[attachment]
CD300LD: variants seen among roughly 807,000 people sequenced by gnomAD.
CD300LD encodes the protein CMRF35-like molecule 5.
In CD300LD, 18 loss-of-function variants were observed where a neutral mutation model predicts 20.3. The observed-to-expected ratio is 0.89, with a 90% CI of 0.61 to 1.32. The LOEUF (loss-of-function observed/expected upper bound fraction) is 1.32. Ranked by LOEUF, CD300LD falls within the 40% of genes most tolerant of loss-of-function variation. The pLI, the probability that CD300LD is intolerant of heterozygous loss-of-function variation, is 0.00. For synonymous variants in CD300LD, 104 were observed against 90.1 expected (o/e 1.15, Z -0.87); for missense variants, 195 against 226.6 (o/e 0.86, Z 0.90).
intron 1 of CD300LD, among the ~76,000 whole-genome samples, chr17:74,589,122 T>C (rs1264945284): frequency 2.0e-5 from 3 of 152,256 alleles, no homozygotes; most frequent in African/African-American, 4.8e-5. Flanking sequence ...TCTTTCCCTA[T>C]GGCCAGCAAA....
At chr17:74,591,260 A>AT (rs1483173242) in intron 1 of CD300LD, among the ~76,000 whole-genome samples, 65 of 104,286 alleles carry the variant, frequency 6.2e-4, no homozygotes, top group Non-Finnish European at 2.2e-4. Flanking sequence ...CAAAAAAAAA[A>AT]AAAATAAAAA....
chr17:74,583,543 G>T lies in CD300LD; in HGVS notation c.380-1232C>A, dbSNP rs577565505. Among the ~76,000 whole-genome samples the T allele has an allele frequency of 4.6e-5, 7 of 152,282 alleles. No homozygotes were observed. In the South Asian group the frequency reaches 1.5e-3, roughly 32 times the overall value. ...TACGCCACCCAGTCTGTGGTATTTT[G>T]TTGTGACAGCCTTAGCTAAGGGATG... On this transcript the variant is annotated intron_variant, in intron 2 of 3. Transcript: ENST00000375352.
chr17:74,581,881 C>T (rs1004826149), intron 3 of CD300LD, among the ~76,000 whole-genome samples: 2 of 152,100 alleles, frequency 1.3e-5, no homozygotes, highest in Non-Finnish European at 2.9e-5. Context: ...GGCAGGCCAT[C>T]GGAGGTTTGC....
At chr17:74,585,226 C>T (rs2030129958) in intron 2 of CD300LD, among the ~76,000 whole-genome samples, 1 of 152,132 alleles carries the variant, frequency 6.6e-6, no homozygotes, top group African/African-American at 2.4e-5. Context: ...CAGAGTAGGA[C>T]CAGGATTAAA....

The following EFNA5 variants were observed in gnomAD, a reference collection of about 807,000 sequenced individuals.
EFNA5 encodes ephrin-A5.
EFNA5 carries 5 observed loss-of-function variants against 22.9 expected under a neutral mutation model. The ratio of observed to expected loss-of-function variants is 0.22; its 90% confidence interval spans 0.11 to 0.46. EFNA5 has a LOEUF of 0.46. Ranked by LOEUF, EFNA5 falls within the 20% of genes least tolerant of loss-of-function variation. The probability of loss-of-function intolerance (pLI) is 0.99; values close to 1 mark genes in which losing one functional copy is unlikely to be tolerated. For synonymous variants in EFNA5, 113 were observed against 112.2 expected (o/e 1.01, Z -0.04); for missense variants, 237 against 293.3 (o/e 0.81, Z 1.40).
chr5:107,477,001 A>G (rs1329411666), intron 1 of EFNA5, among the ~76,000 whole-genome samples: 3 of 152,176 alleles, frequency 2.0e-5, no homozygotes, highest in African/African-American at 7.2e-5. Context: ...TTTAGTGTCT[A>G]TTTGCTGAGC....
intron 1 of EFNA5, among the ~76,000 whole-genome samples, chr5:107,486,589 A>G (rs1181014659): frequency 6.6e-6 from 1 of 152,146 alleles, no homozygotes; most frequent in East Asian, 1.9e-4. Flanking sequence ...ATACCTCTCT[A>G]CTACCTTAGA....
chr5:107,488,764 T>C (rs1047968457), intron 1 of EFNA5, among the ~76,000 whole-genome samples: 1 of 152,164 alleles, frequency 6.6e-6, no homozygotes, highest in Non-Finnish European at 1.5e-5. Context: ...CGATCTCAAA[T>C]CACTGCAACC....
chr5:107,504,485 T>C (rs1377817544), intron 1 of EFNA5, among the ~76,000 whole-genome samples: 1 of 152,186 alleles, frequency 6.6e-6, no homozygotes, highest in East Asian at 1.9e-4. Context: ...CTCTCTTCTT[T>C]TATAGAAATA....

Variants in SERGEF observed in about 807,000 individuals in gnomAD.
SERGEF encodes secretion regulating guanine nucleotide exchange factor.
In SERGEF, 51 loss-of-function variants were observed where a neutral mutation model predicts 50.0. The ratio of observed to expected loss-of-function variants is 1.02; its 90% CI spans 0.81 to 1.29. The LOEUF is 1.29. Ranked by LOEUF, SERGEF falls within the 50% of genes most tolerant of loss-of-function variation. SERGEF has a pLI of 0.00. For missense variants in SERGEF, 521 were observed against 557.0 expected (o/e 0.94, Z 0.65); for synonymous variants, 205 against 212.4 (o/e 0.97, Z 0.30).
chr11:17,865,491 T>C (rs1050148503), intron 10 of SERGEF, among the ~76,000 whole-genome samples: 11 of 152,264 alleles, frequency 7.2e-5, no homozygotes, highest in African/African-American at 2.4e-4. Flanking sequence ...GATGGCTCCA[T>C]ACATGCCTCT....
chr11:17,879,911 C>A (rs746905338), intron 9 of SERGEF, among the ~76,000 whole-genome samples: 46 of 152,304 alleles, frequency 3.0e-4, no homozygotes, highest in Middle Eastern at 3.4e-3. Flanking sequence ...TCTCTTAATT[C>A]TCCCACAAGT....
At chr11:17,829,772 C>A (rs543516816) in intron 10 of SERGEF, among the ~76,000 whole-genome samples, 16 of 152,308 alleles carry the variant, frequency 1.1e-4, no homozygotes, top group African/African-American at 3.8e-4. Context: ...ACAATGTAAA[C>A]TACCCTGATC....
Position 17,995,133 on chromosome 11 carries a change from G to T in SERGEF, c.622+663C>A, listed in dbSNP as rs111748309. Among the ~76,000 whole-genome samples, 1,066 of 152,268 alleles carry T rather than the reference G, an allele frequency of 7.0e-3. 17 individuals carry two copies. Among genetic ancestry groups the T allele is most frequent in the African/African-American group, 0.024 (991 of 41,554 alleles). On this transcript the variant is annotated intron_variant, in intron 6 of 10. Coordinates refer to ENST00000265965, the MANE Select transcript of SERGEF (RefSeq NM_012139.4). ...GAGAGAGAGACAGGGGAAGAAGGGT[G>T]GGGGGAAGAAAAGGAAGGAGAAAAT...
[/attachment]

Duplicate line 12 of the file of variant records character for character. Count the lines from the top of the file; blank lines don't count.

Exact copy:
chr5:107,477,001 A>G (rs1329411666), intron 1 of EFNA5, among the ~76,000 whole-genome samples: 3 of 152,176 alleles, frequency 2.0e-5, no homozygotes, highest in African/African-American at 7.2e-5. Context: ...TTTAGTGTCT[A>G]TTTGCTGAGC....